MINNEAPOLIS — The term "excited delirium" has been discussed and referenced by multiple witnesses testifying in the murder trial of former Minneapolis police officer Derek Chauvin.
According to transcript of body camera video from the more than 9 minutes that Chauvin knelt on George Floyd's neck, an officer at the scene said, "I'm concerned about excited delirium or whatever."
But what does the term mean, and why is there so much controversy around it?
Excited delirium is characterized by "agitation, aggression, acute distress and sudden death, often in the pre-hospital care setting," a 2011 study conducted by doctors at the University of California and University of Southern California found. "It's typically associated with the use of drugs that alter dopamine processing, hyperthermia, and, most notably, sometimes with the death of the affected person in the custody of law enforcement."
There isn't a general consensus in the medical community defining the term, the New York Times reported, citing a 2018 review of scientific literature.
It's controversial in part because its diagnosis isn't recognized by the World Health Organization, the American Medical Association or the American Psychiatric Association, Bloomberg Law noted.
"Law enforcement officers nationwide are routinely taught that 'excited delirium' is a condition characterized by the abrupt onset of aggression and distress, typically in the setting of illicit substance use, often culminating in sudden death. However, this 'diagnosis' is not recognized by the vast majority of medical professionals," the Brookings Institute think tank wrote in a 2020 report.
Despite this, the term has been referenced in a number of cases involving Black men in police custody, including the recent death of 23-year-old Elijah McClain in Aurora, Colorado.
The term was first used in 1985 by forensic pathologist Charles Wetli to "explain a series of sudden deaths in cocaine users, occurring primarily in police custody," the Brooking Institute stated. He also used the same term to "explain the deaths of 32 Black women occurring in Miami over the 1980s."
Civil rights activists have long argued that excited delirium is used as a "get-out-of-jail-free card for police brutality," according to Bloomberg Law. The Brookings Institute said it has become "a justification for police aggression that is unwarranted."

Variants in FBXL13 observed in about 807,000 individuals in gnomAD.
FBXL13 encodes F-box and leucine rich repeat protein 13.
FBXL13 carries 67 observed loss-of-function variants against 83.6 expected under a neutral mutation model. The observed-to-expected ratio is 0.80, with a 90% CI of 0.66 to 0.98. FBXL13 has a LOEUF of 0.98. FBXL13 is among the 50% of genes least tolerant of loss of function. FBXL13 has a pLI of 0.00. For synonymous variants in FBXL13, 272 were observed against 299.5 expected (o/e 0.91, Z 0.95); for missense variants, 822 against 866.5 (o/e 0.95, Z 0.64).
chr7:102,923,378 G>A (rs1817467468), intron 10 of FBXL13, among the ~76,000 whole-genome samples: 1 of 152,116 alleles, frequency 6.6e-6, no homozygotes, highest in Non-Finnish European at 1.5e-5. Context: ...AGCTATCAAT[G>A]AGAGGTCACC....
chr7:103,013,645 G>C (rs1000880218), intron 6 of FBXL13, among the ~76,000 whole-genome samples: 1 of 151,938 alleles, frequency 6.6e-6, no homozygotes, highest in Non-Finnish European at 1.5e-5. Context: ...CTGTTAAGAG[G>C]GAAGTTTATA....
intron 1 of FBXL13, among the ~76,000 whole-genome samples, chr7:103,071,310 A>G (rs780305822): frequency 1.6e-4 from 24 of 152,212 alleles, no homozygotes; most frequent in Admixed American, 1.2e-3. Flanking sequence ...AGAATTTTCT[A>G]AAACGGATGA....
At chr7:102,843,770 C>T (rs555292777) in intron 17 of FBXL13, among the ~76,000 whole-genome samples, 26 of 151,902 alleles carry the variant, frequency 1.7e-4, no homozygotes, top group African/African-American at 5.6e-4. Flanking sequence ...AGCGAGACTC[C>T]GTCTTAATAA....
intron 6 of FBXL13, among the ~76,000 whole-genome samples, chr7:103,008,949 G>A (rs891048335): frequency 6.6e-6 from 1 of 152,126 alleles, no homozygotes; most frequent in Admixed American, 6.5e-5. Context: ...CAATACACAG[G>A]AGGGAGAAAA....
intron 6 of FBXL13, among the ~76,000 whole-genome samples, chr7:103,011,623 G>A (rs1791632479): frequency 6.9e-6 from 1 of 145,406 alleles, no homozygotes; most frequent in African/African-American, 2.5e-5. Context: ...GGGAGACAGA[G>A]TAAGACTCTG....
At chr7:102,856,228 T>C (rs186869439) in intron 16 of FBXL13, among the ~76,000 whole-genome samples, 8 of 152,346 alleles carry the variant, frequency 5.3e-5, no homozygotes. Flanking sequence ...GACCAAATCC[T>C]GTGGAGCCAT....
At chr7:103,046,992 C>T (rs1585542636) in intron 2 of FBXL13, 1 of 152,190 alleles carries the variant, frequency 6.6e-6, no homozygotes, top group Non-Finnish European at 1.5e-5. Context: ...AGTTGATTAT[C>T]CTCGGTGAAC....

In the trial of Derek Chauvin, an emergency medical physician acknowledged in court the lack of consensus over the term.
Dr. William Smock, a forensic medicine specialist called by the state as an expert witness, acknowledged Thursday that excited delirium is considered a controversial diagnosis "because there are some varying opinions as to what causes it" and generally how to define it.
"There isn't 100% agreement on what excited delirium is," Smock said.
He acknowledged that reputable medical associations don't recognize it, but said he believes excited delirium is real.
Smock characterized excited delirium as a "physical and psychiatric state where, because of an imbalance in the brain, a patient will exhibit multiple symptoms. Basically they are hot, their body is revved up. Heart rate is up. Respiration is up. Super-human strength. They are out of control. Their speech is garbled. It doesn't make sense. They can't answer questions."
He shared with the jury 10 signs of excited delirium, citing an American College of Emergency Physicians white paper on the topic.
Smock said an individual must have a minimum of at least six for diagnosis.
1. Inappropriate clothing (naked, partially clothed)
2. Attraction to glass (destruction of glass, mirrors, lights on vehicles)
3. Failure to respond to police presence
4. Constant/near constant physical activity
5. Not tiring despite heavy exertion
6. Unexpected/ unusual strength
7. Unaffected by pain
8. Very rapid breathing
9. Excessive heat/ hot to touch
10. Excessive sweating
Smock told the jury that not a single one of the signs applied to George Floyd before his death.
He determined the cause of Floyd's death to be "positional asphyxia," which he described as "a fancy way of saying he died because he had no oxygen left in his body."
A doctor who tried to resuscitate Floyd on May 25, 2020, referenced the term in his testimony earlier this week.
Dr. Bradford Wankhede Langenfeld said Floyd was in cardiac arrest when he arrived at the Hennepin County Medical Center. He also testified that Floyd was in PEA, or pulseless electrical activity, which he said can suggest hypoxia or low oxygen.
Dr. Langenfeld walked the jury through his thought process to better understand Floyd's condition. He said he considered acidosis, in particular "excited delirium," but said there was no report that Floyd was extremely sweaty or agitated, which are considered symptoms.
Dr. Langenfeld called the diagnosis of excited delirium "controversial," and said he did not believe that was what Floyd was experiencing when he arrived at the hospital.
Officer Nicole Mackenzie, who provides first aid education for the Minneapolis Police Department, also testified about excited delirium, but she was dismissed early due to a legal issue regarding the matter. She's expected to be called back during a different part of the trial.